It’s a story that until lately hasn’t been told nearly enough, aside, of course, from Legs McNeil and Gillian McCain’s essential aural history on the Punk movement, Please Kill Me. Danny lived to see that others got their due and now, thanks to Brendan Toller, he is getting a little of his, whether he wants it or not. The film is available on VOD now, but all the way back in March of 2015, when the film premiered at SXSW, I had the great privilege of chatting with Toller and embarking on an epic chat with Fields that spanned so much time, the interview warranted a naming: The Danny Tapes. I’m also happy to report that from Harvard Law classes to Andy Warhol’s Factory to Max’s Kansas City to CBGBs and on, Danny is still the coolest guy in the room.
Top Five Rockumentary #4
Eight Days A Week
Ron Howard tracks the entirety of The Beatles' short lived career as live musicians, during which they were faced with the pressure of being the most famous people of all time... more famous, even, than say, Jesus Christ, as John Lennon suggested to a British reporter. Funnily, it was rockumentary #5's subject, Danny Fields, who would break the story of Lennon's sacrilege in his Datebook Magazine, potentially causing the blokes to cease touring all together and start them on a tumultuous pathway that would inevitably break up the band... Just kidding. Danny Fields didn't break up The Beatles.
It's easy to see from virtually any of the tour footage in the film - the unprecedented hordes of screaming girls, the riotous interest, the hyper amounts of energy being thrown their way – the public life of The Beatles could only end in destruction. They were a ticking time bomb. When they sang “Help”, they really meant it.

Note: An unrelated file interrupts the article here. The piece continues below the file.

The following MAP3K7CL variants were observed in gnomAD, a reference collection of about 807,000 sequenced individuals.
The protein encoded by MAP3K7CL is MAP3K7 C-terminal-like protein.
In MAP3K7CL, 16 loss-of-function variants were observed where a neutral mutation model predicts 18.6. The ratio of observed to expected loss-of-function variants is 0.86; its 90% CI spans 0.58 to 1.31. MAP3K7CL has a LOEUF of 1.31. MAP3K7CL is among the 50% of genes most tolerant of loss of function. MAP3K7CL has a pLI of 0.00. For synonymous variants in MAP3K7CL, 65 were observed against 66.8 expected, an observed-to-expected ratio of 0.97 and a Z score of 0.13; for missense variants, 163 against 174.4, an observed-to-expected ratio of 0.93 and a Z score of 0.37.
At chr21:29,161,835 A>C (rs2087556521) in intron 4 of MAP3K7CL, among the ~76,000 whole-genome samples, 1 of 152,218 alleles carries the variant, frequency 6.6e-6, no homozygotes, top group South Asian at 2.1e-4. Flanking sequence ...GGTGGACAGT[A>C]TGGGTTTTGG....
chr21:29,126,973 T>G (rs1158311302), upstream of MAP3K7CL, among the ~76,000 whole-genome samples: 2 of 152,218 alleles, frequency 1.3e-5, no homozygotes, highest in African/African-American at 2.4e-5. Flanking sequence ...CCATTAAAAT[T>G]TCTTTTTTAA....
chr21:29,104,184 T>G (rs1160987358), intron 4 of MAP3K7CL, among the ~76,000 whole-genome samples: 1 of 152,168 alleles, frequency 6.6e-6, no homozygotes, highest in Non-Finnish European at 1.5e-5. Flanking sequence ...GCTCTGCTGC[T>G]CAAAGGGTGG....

The Beatles gave so much to society; an endless wealth of wisdom and melody. They deserved to be treated like kings, but in a greedy pop landscape, eight days a week was not enough to show they cared. Thanks to their incredible body of music and rich personas in conjunction with the bizarre hysteria surrounding these four young boys, The Beatles is one of the most fascinating tales of the 20th century. And yet, few people have done as good a job with any portion of their career as Howard this year.
Top Five Rockumentary #3
Jim Jarmusch + Iggy Pop = best fan-film of all time. Seriously. This movie is so incredibly cool, from the priceless wealth of classic footage of Iggy breaking his body so to entertain the people of Detroit, while the Ashton brothers smash out their instruments, to the DIY hero interviewer himself and his cool approach to the art of the q&a, to the one of a kind answers from key members of the story and key members only – just the band and Danny Fields! - this film is as badass as The Stooges and that's about as good as you could hope for in a film that, by default, comes with huge expectations.
This is a good place to shout out Jarmusch's second five star film of the year, Paterson, which is just shy of my top five. After seeing it at TIFF, I wrote “Paterson is the zen yin to Jarmusch's punk yang. Adam (bus) Driver cooly navigates another low key tale of mundane beauty.”
Top Five Rockumentary #2
Hip Hop Evolution